A significant difference in structure is that in the variation 110 a plurality of members (such as 150A, 150B, 150C, and 150D, best shown in FIGS. 5 and 6) made of heat-absorbing material are used, rather than the preferred sole one member 50 in the embodiment 10. These heat-absorbing members of the plurality are disposed in spaced-apart relationship, and preferably the spacing therebetween is equal. In this regard, it is to be noted that these spaced-apart members of the variation 110 are also simultaneously disposed such that flow paths (as shown in FIG. 5) for the working gas 200 (which is, preferably, air) are defined by the air inlet 24, the light-reflecting liner 30, the space between the spaced-apart heat-absorbing members, the light-transmitting member 40, and the air outlet 24A.
Another significant difference in structure is that the heat-absorbing material 152 of which the members of the variation 110 are made is different than the heat-absorbing material 52 of which the member 50 of the preferred embodiment is made. More specifically, the heat-absorbing material 152 used in the variation 110 comprises a mixture of gypsum (i.e., in a finely divided solid state, particulate matter, pulverized, or the like), lampblack (i.e., an amorphous, practically pure form of carbon made by burning oil, coal tar, resin, or other carbonaceous substance in an insufficient supply of air; and, sometimes referred to as "carbon black"), glass fibers, and a liquid, preferably water. Stated another way, this mixture 152 includes glass fibers, while the mixture 52 of preferred embodiment 10 does not.
Still another significant difference in structure is that the heat-absorbing members of the variation 110 are formed in the shape of sheets, rather than the block shape of the preferred embodiment. In addition, the structural cross sectional shape of these sheet members may be varied. For example, representative sheets 150A-150D, inclusive, FIGS. 5 and 6, are in the structural cross sectional shape of thin flat sheet; whereas, representative sheets 150E-150I, inclusive, FIG. 7, are in the structural cross-sectional shape of corrugated sheets.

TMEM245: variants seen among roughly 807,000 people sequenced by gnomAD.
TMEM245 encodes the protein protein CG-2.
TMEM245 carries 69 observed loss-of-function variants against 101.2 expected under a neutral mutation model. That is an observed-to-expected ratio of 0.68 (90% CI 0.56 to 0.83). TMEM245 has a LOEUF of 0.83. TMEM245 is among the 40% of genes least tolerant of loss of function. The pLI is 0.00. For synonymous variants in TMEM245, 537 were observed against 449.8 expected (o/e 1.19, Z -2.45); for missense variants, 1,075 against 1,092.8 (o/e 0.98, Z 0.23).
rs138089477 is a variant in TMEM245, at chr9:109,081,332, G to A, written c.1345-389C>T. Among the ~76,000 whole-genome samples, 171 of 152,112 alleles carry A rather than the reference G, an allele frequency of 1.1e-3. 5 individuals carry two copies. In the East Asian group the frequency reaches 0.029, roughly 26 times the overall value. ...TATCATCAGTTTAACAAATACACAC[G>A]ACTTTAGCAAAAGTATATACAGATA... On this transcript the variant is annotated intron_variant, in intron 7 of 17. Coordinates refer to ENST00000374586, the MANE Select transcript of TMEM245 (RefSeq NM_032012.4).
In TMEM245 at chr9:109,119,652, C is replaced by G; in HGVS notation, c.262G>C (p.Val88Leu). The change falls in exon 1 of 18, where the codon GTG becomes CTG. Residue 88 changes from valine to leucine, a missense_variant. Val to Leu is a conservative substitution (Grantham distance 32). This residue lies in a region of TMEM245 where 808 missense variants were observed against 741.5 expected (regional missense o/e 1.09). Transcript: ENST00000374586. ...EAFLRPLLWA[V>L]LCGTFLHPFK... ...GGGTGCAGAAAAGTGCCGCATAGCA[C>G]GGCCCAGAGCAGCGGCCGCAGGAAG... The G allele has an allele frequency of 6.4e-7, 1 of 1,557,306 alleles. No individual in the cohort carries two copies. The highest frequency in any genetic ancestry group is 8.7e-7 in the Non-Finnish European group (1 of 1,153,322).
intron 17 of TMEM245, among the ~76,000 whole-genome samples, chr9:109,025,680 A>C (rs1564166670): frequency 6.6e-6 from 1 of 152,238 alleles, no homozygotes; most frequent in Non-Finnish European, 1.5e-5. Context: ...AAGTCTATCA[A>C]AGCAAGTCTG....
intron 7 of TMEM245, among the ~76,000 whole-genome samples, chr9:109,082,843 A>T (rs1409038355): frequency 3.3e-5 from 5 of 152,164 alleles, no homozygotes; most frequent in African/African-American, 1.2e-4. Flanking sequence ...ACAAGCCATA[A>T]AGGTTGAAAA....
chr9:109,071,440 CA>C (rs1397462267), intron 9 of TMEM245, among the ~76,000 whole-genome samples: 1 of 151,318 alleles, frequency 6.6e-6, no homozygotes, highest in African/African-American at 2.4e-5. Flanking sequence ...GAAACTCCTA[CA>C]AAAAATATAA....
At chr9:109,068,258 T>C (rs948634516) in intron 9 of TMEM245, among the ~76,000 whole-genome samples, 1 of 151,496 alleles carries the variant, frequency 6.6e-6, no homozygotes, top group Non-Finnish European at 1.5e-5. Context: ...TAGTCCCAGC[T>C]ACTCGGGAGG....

A further significant difference in structure is that the variation 110 incorporates a means (generally designated 180) for promoting flow of the working gas 200 into, through, and out of the container 20. This means 180 preferably includes a fan 182, FIGS. 4-6, inclusive, which is disposed in the inlet 24.
Two other significant structural differences are that the variation 110, unlike the preferred embodiment 10, does not have a cover or door 70, and also does not have a liquid inlet, outlet, and other associated components which defined and limit a flow path for a working liquid.
The manner of use, and of operation, of the preferred embodiment 10, FIGS. 1-3, and of the variation thereof 110, FIGS. 4-7, can be easily ascertained by any person of ordinary skill in the art from the foregoing description, coupled with reference to the contents of the Figures of the drawing. Accordingly, it is deemed that a description of the obvious use and operation of the invention 10 and 110 is not necessary. However, there are at least two applications, for which the invention 10 and 110 can be adapted, which may not be readily apparent to those of ordinary skill in the art, and which therefore will be discussed hereinbelow.